Perhaps there could be a compromise along the lines of not having fired coaches count against the cap or at least some of them. There could even be a free fired coach not count against the cap every two or three years or some such thing so as not to strap already poor quality teams. I think it is somewhat ruthless to make a team limp along with coaches after firing unproductive ones. Starting this year teams that run a better business must pay money by way of equalization to those teams that run a poorer business. This is incongruous with the coaches cap. Either teams should pay for bad coaching/management decisions like you suggest and also pay for bad business decisions and poor attendance without being helped by other teams, or they should be helped in both instances, not one or the other.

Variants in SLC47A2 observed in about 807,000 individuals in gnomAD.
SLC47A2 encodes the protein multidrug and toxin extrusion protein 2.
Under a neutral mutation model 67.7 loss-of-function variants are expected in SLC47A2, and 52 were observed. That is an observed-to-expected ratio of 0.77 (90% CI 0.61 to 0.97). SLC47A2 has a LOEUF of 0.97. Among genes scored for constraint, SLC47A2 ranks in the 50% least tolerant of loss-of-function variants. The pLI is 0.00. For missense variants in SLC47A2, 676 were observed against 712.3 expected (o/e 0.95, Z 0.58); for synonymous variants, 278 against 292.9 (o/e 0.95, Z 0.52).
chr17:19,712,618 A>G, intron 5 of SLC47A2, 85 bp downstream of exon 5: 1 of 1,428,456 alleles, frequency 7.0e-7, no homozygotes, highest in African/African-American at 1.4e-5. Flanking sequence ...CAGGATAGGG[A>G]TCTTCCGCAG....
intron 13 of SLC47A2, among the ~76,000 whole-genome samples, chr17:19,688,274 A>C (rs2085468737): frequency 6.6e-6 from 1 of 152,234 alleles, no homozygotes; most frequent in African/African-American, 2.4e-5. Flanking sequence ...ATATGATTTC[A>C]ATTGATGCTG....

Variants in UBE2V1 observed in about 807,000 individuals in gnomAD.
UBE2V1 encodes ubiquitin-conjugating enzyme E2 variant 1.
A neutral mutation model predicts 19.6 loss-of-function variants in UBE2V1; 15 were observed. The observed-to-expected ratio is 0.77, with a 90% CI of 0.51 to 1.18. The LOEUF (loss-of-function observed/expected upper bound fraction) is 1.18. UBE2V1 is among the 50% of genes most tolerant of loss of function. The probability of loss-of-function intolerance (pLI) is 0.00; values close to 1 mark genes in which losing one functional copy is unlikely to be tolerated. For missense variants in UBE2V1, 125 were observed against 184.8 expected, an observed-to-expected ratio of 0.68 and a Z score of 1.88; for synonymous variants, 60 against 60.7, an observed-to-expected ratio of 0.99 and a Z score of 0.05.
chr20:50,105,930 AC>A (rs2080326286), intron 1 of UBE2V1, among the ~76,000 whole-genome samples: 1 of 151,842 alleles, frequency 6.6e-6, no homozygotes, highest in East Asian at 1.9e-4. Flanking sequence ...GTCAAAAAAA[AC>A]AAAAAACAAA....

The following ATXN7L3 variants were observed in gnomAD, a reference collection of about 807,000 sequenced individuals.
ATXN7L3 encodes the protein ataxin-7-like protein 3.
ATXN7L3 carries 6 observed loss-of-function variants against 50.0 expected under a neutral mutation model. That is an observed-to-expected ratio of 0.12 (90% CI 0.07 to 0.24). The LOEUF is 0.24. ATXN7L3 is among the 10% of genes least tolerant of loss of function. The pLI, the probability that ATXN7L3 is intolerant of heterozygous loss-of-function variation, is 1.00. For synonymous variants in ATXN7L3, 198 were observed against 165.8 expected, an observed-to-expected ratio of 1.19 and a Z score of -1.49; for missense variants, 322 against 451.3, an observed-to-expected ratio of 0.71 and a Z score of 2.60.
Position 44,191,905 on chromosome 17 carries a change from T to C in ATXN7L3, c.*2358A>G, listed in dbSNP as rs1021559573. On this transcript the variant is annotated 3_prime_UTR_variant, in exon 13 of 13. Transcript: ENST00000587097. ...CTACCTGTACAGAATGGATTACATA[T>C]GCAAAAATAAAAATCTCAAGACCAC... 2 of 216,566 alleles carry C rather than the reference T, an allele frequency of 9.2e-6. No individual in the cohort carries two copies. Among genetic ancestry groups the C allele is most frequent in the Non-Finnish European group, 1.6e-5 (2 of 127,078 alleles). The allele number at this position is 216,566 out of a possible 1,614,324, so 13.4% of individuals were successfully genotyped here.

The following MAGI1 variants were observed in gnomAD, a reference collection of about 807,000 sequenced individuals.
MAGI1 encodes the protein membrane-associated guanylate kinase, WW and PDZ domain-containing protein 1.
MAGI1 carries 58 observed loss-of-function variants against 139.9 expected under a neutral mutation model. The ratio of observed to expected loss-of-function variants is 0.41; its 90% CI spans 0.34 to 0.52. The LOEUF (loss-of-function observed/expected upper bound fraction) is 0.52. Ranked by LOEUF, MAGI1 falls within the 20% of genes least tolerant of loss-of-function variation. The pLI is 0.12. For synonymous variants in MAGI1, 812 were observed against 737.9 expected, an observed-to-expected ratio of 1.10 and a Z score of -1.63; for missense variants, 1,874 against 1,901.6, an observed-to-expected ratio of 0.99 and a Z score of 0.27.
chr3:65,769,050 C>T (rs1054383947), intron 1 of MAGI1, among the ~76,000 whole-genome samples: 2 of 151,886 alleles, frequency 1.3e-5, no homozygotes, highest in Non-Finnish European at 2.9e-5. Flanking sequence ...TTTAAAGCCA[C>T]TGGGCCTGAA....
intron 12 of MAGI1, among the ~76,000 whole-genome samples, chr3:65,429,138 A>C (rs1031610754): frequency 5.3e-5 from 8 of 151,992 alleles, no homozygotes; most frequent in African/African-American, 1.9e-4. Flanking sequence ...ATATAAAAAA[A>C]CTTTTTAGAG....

Much like the ratio and the ever changing rules for fake Canadians, the coaches cap also appears to have been ignored and circumvented more than once. Most recently Chris Jones with the Argos and Khari Jones with the Ticats don’t appear to have counted against the coaching cap because they were “consultants”. I don’t know how it works with someone like Khari whose salary presumably counted against the Als cap after he was fired. If he was paid by the Ticats shouldn’t that salary count against their cap and be wiped from the Als cap? Some say Danny coached the Als in part because of coaches cap restraints. Whether he did or not that easily could be the case on other teams in the future. What if a coach goes to the US or retires? Does their salary still count against the cap?

Although I get the concept behind it, overall the coaches cap appears to be an indecipherable mess and would seem to be inherently unfair and at odds with other league initiatives like the equalization payments I mentioned. When rules get to be this bad and don’t achieve their original intention I say scrap ‘em.

Or work on them until you get it right. :slight_smile:

The issue of how well the cap is implemented is a separate one from whether or not a cap should exist.